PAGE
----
Man, The Tool User.
When I acquired my 8×10 Deardorff camera, it came with a 14′′ Kodak lens, probably from the 60’s. Perfectly adequate, fairly normal, quite sharp. Not exactly a period lens for wetplate. I also picked up this cool looking brass lens, a C.P. Goerz from Berlin. It was pretty beat up. The aperture ring did nothing, and the aperture itself was pretty bunged up. Stuck in an oval configuration. I’d written it off as an attractive paperweight.
But then I got to thinking that these lenses are pretty simply constructed. I should be able to unscrew the whole thing, clean the elements, fix, or remove the aperture and put it back together. Try as I might, the front and rear elements were pretty frozen up. I didn’t want to use any penetrating oil to loosen them up since optics were involved. The only thing I could think of to use was a strap wrench. Thank you Amazon Prime. Two days later the lens was in pieces. Kind of like working on a car, the more you break things down, the more issues you run into. The aperture is being held in place with a threaded ring that has two notches directly across from each other. The intention is to use a spanner wrench to remove the ring. I didn’t have one, and no one I knew had one large enough. Nor could I find one online to buy. So, as usual, when I come across a mechanical problem to solve, I go to my neighbor Luke.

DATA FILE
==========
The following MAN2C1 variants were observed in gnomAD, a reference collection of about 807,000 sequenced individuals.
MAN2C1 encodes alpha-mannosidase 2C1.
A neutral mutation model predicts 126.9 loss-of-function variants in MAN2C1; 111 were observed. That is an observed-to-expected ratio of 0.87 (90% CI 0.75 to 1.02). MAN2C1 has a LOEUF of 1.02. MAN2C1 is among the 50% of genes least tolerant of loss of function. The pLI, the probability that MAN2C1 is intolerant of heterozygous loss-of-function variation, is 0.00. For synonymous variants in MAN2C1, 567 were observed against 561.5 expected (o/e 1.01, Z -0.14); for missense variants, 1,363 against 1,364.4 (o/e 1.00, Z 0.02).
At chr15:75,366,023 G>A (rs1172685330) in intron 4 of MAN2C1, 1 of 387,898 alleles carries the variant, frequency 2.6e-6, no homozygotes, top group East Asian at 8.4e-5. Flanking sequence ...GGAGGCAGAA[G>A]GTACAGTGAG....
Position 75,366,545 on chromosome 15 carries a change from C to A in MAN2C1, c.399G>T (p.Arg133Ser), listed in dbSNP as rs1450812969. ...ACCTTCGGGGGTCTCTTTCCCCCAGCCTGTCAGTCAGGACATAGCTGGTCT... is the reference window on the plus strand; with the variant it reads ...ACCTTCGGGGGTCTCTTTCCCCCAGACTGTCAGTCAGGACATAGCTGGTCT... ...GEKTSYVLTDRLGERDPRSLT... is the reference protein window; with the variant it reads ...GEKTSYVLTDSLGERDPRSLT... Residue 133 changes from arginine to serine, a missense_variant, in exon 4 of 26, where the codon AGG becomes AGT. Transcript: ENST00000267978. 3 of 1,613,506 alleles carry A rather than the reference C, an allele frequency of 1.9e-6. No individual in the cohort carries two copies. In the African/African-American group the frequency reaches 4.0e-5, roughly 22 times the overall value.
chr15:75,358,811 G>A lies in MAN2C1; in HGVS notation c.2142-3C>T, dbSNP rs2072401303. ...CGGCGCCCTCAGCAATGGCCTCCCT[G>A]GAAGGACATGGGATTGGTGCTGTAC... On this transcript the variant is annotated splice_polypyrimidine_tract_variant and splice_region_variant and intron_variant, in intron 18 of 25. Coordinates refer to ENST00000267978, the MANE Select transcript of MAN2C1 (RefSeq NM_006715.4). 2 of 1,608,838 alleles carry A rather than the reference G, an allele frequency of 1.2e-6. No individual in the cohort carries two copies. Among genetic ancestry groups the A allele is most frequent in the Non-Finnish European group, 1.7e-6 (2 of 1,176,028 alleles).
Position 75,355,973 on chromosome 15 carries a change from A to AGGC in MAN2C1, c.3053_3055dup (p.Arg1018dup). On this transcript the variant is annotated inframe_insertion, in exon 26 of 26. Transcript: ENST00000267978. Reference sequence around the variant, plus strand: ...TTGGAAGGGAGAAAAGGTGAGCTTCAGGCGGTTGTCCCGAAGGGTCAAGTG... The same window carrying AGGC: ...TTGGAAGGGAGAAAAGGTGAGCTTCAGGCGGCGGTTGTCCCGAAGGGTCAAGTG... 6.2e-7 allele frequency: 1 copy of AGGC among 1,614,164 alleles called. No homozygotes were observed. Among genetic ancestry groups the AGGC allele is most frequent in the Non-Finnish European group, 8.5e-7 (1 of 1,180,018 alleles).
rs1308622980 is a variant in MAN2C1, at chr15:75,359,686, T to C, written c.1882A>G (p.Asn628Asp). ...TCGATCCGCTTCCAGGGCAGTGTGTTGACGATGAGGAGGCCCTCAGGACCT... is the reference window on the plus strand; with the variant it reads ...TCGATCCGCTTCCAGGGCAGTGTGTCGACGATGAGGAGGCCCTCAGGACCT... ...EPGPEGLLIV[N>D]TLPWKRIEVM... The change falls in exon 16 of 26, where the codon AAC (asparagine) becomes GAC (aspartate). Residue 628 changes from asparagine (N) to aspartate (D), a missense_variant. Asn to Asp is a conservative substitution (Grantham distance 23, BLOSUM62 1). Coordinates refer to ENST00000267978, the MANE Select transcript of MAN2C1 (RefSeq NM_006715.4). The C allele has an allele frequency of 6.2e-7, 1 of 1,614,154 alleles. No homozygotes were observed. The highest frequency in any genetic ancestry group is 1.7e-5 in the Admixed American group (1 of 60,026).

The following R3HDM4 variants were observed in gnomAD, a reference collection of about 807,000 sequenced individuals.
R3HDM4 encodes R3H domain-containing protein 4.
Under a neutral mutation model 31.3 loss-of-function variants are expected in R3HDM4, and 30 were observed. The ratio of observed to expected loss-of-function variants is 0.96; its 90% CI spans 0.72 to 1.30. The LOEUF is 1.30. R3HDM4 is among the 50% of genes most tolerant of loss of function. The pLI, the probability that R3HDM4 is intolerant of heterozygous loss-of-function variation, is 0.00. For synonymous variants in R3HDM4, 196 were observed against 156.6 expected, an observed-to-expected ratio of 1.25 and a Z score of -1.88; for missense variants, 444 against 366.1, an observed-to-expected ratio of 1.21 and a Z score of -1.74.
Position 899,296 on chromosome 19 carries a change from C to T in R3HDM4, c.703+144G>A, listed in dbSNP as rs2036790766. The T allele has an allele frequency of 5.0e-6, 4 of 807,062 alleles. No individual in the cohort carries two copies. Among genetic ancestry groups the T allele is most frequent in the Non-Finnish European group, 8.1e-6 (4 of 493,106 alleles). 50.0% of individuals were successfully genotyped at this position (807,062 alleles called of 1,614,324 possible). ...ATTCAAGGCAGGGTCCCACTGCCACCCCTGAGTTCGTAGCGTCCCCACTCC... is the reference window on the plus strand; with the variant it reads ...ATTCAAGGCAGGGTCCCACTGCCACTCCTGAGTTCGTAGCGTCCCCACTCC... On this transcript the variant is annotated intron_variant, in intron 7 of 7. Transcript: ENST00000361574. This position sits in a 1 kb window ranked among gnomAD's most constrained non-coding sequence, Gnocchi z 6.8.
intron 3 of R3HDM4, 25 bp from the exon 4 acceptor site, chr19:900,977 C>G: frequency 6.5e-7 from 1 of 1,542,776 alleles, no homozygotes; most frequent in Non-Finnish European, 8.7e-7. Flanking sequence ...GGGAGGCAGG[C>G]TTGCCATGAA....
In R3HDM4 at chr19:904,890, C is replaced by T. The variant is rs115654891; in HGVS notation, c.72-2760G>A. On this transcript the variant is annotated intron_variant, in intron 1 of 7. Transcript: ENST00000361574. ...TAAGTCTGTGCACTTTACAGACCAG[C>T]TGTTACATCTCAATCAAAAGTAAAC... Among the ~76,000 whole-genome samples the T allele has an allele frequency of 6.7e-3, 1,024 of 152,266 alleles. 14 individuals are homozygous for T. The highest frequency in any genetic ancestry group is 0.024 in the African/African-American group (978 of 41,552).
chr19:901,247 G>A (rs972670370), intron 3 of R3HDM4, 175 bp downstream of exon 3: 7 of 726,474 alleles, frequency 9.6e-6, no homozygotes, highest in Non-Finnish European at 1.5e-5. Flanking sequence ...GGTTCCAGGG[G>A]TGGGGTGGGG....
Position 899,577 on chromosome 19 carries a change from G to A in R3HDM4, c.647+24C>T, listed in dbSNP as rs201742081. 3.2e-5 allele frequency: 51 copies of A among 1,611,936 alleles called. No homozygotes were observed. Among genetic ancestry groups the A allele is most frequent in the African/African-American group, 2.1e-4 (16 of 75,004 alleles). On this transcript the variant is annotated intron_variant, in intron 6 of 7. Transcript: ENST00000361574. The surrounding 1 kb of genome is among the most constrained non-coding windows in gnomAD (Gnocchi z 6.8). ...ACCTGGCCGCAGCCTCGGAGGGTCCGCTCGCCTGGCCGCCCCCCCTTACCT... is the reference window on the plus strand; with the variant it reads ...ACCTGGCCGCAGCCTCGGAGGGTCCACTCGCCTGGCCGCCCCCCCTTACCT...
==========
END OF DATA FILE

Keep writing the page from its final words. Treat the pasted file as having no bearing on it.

I ask him if he can think of a way to loosen the retaining ring. He asks to hang on to the lens for a couple days and says he’ll come up with a solution. And boy did he. His solution was to make this beautiful custom tool.
Basically an aluminum disk that fits into the lens, with a strip of spring steel embedded in it that fits into the notches. A wonderfully elegant solution for a one time use tool. A few spins of the handle and the ring rotates up and out, allowing the aperture to fall into my hand. Luke put the love and care into this piece that he puts into everything he makes. You can see some of his handiwork here: http://omnitaskerdesign.blogspot.com Now I have a working, period lens that I can shoot wide open, and it looks beautiful on the camera. And this is how it got there.